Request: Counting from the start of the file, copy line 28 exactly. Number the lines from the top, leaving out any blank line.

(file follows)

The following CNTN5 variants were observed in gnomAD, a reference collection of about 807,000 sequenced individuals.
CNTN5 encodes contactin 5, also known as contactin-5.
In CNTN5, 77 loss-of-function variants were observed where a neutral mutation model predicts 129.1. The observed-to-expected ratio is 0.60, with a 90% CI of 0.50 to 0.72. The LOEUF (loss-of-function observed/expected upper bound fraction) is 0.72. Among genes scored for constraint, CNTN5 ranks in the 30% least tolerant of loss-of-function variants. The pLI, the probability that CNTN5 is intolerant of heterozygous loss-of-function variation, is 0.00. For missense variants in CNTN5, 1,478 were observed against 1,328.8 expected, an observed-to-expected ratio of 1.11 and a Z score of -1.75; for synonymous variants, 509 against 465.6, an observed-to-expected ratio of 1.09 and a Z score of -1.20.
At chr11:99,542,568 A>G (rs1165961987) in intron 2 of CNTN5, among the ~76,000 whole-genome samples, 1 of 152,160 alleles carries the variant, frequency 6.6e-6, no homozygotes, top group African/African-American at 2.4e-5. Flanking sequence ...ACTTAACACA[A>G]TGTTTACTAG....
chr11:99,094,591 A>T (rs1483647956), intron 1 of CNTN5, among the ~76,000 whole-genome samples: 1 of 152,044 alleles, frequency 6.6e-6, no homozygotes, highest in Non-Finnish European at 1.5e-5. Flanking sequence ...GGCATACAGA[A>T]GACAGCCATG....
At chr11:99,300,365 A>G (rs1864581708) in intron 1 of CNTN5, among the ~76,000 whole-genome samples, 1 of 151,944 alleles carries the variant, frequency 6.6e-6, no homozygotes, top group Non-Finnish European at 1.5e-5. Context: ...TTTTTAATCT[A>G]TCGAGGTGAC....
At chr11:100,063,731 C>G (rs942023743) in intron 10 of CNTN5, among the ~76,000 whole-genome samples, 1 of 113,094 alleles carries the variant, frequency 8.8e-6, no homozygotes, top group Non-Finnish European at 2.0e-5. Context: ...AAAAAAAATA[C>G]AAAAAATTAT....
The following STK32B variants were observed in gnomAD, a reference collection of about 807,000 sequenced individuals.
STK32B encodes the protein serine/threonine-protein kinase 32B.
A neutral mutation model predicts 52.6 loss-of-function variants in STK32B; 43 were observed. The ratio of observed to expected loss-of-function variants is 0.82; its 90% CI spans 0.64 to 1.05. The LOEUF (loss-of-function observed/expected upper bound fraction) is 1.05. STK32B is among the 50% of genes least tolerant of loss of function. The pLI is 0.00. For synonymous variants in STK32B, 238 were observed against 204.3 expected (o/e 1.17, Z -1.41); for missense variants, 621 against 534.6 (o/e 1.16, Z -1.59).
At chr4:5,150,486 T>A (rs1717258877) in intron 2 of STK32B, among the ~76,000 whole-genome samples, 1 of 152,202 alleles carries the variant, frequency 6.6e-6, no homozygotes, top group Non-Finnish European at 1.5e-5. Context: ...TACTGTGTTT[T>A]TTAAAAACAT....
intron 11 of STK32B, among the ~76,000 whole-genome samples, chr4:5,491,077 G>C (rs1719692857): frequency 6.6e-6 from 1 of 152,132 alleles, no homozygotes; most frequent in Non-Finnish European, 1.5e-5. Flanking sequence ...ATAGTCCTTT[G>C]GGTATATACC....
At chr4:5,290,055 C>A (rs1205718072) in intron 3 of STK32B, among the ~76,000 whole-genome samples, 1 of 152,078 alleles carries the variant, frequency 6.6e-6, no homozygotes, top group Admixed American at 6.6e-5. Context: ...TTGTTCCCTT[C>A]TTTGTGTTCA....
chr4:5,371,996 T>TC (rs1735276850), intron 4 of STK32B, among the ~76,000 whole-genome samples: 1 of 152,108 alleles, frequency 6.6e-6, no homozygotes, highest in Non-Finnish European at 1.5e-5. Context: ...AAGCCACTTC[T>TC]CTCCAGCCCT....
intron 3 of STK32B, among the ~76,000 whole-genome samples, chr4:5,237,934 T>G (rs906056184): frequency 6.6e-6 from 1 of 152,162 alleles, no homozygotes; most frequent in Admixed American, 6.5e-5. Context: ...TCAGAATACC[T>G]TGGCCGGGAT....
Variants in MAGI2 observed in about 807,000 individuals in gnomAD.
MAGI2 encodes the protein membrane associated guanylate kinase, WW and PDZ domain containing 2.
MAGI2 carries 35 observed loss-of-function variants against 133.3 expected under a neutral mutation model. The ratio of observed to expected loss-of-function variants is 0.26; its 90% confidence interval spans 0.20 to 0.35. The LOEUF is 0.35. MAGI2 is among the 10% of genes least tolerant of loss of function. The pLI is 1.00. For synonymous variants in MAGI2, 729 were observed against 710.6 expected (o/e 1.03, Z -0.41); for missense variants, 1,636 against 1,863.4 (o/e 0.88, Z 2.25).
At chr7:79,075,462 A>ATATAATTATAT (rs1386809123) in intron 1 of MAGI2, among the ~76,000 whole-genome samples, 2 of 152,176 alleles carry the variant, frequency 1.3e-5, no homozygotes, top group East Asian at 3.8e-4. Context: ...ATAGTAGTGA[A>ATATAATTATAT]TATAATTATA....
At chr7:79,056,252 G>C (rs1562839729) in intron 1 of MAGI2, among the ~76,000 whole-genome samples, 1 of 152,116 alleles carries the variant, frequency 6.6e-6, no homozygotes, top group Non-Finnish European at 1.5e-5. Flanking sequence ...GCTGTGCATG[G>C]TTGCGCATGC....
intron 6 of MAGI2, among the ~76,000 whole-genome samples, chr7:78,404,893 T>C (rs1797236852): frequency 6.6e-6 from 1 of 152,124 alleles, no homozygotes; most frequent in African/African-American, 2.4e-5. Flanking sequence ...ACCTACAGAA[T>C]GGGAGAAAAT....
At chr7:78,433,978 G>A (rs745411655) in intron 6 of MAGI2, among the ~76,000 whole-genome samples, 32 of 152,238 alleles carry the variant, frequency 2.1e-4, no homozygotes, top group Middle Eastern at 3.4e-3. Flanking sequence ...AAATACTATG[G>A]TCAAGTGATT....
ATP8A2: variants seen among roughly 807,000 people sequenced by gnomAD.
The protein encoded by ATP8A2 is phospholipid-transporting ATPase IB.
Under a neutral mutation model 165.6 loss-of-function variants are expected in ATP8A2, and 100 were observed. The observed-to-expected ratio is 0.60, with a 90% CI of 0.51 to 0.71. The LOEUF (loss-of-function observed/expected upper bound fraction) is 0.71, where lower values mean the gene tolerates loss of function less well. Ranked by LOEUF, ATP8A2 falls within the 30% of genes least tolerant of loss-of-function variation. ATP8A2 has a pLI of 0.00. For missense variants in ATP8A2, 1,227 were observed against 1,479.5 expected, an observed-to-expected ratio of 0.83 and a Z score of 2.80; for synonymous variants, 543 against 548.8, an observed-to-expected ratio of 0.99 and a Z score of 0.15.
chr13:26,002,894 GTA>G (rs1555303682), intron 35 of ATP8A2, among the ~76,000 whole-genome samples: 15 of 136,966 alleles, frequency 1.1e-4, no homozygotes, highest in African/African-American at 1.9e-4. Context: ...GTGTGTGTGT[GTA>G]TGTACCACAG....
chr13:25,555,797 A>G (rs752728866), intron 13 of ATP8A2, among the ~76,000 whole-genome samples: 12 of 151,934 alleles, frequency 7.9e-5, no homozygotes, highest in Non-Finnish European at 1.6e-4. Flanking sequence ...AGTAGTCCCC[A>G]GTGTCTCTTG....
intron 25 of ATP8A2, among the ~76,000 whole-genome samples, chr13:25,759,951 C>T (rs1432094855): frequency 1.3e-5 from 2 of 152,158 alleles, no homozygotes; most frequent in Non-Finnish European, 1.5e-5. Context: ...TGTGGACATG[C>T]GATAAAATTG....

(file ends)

intron 25 of ATP8A2, among the ~76,000 whole-genome samples, chr13:25,759,951 C>T (rs1432094855): frequency 1.3e-5 from 2 of 152,158 alleles, no homozygotes; most frequent in Non-Finnish European, 1.5e-5. Context: ...TGTGGACATG[C>T]GATAAAATTG....